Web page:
Google dropping Material Design in iOS to make iPhone apps look more like they should

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Google will begin phasing out its Material Design for iOS apps in favor of Apple's own proprietary UIKit, a change that could result in apps that feel more like they belong on iPhone.

Jeff Verkoeyen, Google's iOS design chief, announced the change on Twitter Tuesday, stating that his team began a deep dive into "what it means to build a hallmark Google experience on Apple platforms" — namely, Google apps on the App Store. The Verge first spotted the news.

"The time we're saving not building custom code is now invested in the long tail of UX details that really make products feel great on Apple platforms," Verkoeyen wrote.

In addition to less work for Google's iOS design team, the switch in direction will likely also mean that Google apps feel more "native" on Apple devices like the iPhone or iPad. An example of how the change could play out practically could include the swapping of Android-esque buttons in Google apps in favor of more iOS-based elements.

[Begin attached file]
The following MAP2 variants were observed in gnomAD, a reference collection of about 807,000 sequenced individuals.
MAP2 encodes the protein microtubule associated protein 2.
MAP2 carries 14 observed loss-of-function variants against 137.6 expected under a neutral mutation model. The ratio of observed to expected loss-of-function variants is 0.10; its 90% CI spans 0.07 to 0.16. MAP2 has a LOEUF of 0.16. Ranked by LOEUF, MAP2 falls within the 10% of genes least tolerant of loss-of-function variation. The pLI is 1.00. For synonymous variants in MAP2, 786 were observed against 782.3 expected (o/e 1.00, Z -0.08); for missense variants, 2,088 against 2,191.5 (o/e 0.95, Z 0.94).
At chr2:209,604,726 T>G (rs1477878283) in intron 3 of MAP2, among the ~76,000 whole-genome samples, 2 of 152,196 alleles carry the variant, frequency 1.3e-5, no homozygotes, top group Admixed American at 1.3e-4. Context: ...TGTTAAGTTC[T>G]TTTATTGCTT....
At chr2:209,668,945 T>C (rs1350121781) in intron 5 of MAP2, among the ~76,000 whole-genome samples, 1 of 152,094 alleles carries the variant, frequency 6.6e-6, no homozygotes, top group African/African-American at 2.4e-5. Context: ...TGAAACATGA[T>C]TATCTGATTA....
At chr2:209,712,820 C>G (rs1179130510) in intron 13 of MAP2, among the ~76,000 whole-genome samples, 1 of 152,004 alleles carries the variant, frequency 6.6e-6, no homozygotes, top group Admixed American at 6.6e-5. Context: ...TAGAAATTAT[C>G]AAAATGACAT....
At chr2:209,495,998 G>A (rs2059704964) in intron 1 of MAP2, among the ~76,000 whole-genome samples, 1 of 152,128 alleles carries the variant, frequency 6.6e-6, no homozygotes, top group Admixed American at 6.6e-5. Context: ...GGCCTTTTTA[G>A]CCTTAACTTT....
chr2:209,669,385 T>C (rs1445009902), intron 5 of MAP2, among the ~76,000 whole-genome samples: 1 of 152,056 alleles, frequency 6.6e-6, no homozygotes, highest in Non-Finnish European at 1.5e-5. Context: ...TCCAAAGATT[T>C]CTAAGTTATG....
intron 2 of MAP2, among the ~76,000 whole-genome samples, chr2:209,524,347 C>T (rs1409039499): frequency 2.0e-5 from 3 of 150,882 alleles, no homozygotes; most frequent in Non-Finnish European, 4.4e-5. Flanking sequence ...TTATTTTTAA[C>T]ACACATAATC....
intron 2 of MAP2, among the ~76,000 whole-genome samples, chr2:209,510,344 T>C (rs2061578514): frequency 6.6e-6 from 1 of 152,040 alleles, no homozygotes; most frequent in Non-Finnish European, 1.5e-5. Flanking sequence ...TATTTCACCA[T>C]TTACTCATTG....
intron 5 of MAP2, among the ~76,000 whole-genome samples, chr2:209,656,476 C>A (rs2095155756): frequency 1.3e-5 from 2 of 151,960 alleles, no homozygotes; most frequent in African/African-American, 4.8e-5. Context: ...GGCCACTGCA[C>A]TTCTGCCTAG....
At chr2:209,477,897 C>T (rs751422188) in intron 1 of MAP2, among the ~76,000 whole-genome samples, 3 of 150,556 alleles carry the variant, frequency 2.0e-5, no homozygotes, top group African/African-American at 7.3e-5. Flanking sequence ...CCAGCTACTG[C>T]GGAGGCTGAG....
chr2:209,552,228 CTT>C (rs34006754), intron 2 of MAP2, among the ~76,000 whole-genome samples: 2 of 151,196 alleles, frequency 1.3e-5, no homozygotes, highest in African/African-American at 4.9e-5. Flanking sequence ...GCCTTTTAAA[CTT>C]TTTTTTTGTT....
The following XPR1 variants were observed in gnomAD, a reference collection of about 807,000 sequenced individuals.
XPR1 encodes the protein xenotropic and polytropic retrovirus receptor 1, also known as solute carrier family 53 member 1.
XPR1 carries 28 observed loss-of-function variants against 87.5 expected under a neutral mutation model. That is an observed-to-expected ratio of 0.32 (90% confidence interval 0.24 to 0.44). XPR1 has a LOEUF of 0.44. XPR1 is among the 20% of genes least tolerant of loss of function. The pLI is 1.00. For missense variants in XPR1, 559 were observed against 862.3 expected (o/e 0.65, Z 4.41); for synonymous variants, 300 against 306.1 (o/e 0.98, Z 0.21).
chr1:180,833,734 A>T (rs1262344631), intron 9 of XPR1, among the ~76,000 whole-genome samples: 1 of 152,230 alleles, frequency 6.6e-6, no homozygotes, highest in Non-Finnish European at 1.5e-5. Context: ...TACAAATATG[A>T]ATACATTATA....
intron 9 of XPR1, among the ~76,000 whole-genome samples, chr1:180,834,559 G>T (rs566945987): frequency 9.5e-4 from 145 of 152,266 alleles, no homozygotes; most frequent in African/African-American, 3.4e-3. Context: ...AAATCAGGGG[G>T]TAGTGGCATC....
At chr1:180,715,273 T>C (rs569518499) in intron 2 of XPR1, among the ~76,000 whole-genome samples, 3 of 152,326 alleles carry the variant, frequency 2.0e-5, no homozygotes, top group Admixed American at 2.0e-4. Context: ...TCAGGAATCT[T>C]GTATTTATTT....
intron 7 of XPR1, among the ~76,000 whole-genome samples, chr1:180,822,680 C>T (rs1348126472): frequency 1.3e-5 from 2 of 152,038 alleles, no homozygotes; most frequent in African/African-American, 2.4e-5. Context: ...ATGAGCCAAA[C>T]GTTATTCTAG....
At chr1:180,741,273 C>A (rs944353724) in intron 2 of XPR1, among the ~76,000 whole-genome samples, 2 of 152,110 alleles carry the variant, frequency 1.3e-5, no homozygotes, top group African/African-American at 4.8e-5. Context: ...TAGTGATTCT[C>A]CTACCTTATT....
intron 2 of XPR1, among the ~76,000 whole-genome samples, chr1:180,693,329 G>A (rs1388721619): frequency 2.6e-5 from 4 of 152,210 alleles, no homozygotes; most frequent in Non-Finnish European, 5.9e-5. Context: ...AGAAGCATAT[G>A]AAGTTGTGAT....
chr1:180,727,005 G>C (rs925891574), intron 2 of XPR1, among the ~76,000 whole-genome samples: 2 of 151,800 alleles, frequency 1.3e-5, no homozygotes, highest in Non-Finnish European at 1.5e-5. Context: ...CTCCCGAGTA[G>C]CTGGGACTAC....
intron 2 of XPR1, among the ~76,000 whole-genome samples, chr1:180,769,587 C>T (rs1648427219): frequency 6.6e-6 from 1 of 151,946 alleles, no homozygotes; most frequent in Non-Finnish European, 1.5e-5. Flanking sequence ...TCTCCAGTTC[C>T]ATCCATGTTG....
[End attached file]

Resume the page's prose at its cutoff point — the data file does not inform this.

Overall, Verkoeyen said that the change will "result in much tighter integrations with the OS than what we can reasonably achieve via custom solutions."

First unveiled in 2014, Material Design is a set of in-house design principles and conventions that were aimed at unifying how Google apps look and feel across various platforms.

Over time, Verkoeyen said Google's iOS design components have been" slowly drifting further and further from Apple platform fundamentals because those fundaments were also evolving year over year."